KNOXVILLE -- As the secondary's newest eldest statesmen, cornerback Art Evans was supposed to take charge of Tennessee's back four this spring.
Instead, the Volunteers' top cover man is watching a collection of freshmen and sophomores find their own way on the field.
A surgically repaired shoulder has kept the rising junior previously known mostly for being Eric Berry's best friend from replacing the leadership vacated by the early NFL entries of Berry and Dennis Rogan.
"I feel like I could go right now, but it's a process," Evans said. "Whenever my trainers say I can go, I'll be out there that second. Until then ... you just do what they're telling you to do to get yourself ready for that time."
Evans, a 6-foot, 185-pounder from Lakeland, Fla., earned the starting spot opposite Rogan last season and played pretty well, especially considering the circumstances. His shoulder could have been operated on well before the season ended, but he played in all but one game and finished seventh on the team with 39 tackles. He didn't intercept a pass but broke up three and forced a fumble.
His role has never been more important than it will be this season, though.
"As far as me personally, I feel like (Berry and Rogan leaving) changed my role," Evans said. "When I wasn't playing, I was looking up to the guys like Eric and Jonathan Hefney and Marsalous Johnson when they were starting. It's a lot different for me now.
"It's not just a role, though. I have to back it up, so they can see, 'OK, I see what he's talking about, and I would like to follow a guy a like that,' like I did with Eric and people like that."
Evans and others should get chances to display that leadership with big plays, if their assessments of first-year coordinator Justin Wilcox's defense are correct. Evans agreed with young safety Janzen Jackson's belief that Wilcox will let his defensive backs take more chances than predecessor Monte Kiffin, whose secondary scheme obviously centered around Berry.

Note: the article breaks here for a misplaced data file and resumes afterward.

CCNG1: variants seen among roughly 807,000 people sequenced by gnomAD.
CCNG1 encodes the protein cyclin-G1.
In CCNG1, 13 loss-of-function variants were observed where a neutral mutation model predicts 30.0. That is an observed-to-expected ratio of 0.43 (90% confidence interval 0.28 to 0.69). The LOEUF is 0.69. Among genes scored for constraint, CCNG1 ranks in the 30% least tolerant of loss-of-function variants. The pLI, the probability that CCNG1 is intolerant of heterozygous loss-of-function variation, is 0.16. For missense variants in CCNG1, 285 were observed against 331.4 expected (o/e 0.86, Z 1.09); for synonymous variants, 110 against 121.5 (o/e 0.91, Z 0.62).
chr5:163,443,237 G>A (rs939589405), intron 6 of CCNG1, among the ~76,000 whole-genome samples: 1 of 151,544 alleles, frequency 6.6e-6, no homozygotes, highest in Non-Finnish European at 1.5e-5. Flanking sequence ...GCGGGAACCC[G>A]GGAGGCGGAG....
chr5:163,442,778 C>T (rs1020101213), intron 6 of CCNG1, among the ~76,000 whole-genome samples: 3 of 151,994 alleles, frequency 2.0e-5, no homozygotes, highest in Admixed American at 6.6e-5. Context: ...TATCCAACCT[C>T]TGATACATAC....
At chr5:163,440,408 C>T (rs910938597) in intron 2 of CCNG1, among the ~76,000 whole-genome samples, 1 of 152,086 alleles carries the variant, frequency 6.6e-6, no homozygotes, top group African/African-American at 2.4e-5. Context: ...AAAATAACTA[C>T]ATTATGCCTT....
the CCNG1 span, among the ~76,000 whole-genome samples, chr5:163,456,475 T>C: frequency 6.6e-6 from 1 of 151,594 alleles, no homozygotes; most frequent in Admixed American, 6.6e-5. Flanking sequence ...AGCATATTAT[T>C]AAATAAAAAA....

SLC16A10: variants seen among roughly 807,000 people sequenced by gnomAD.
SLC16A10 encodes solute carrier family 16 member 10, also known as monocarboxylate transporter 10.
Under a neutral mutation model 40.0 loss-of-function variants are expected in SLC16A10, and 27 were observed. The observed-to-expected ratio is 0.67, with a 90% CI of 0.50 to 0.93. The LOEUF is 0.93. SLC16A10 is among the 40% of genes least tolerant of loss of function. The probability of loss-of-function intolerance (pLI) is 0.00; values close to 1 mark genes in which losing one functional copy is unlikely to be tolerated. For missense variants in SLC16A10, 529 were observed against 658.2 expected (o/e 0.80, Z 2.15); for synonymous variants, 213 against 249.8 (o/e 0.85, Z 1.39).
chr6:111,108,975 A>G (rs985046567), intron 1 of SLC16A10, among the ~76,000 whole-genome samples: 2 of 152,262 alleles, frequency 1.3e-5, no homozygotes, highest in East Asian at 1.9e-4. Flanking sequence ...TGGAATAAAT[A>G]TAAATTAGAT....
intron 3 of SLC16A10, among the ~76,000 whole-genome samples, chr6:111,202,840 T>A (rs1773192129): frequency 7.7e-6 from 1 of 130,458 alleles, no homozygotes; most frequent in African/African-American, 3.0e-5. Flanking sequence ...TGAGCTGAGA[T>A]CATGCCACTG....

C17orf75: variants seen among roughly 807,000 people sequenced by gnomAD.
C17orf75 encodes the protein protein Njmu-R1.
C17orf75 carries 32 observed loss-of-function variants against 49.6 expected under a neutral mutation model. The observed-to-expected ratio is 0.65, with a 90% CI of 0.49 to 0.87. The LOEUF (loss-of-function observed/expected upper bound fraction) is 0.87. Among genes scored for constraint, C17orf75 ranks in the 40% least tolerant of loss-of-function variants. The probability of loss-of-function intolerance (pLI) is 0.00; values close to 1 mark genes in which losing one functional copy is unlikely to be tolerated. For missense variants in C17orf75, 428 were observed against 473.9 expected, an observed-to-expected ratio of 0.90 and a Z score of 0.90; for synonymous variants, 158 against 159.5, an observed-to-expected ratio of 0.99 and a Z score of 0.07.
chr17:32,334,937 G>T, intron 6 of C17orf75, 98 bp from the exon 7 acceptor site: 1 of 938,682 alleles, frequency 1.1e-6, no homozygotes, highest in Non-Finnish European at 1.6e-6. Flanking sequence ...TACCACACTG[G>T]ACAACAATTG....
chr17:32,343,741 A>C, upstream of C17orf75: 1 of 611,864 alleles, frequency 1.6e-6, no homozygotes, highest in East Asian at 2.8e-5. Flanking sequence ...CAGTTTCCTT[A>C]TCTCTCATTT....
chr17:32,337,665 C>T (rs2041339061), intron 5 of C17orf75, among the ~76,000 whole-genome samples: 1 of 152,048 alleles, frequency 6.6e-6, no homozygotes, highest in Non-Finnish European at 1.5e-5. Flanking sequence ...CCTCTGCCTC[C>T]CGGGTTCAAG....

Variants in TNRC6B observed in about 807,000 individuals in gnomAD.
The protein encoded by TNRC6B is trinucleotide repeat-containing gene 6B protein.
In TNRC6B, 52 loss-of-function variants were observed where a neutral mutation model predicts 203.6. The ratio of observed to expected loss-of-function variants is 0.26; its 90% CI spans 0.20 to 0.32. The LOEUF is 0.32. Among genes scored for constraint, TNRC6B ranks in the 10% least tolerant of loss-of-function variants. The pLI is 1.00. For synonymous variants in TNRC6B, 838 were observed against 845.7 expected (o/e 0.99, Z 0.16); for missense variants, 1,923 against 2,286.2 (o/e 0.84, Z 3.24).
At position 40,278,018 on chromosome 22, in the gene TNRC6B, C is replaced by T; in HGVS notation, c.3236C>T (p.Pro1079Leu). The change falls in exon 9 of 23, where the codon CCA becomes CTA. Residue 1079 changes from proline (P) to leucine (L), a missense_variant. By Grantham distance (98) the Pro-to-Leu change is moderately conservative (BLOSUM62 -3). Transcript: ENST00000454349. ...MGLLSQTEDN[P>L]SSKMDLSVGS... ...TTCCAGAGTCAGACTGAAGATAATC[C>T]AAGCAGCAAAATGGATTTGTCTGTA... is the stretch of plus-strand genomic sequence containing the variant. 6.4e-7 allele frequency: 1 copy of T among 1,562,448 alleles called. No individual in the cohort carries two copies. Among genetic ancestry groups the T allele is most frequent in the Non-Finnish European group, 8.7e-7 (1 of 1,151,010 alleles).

"We actually get the chance to make a lot more plays at corner," Evans said. "That's going to be the biggest thing, and it's going to be fun, but I've just got to wait for my chance.
"It's very frustrating watching my defense go through this. You feel like you've accomplished something when you actually go through it, so I would love to be out there with them and competing. But I've just got to keep telling myself it will come."
First-year head coach Derek Dooley added Evans to the long list of players "we wish were out here this spring."
"But it doesn't always work out the way you'd like it to. That's life," Dooley added. "We'll just take this opportunity to work with what we've got, and we'll see what some of these younger guys can do."
The team's younger cornerbacks have had their moments -- Eric Gordon, the younger brother of former Mississippi State basketball star Jamont Gordon, has made some big plays -- but Dooley said they've "still got a long way to go."
"We have no experience there," the coach continued. "They go through a lot of the same things that the offensive guys do. You've got new coverages in, then you have to defend all the new patterns, so you're matching patterns so if you're not playing fast and quick you're going to get beat. But it's the same deal, just like we evaluate quarterbacks. What can the corner do? What techniques does he do well? What causes struggles with him? And then we shape the game for them.
"Eric has done a great job. He brings a lot of physical toughness. He has a lot of spunk about him, competitive spirit, which that's a start. So I've been pleased with his progress. He's got his things he needs to work on, but you like the competitive spirit. That's where it starts."
But it will probably finish with Evans back in the mix, assuming he gets back on the field and earns back his spot.
"It's easy to sit down and say you've learned the defense by watching, but it's different to go out there and actually go through it," Evans said. "I can't wait to actually go through it."
After practicing the past three days, the Vols will take today off.
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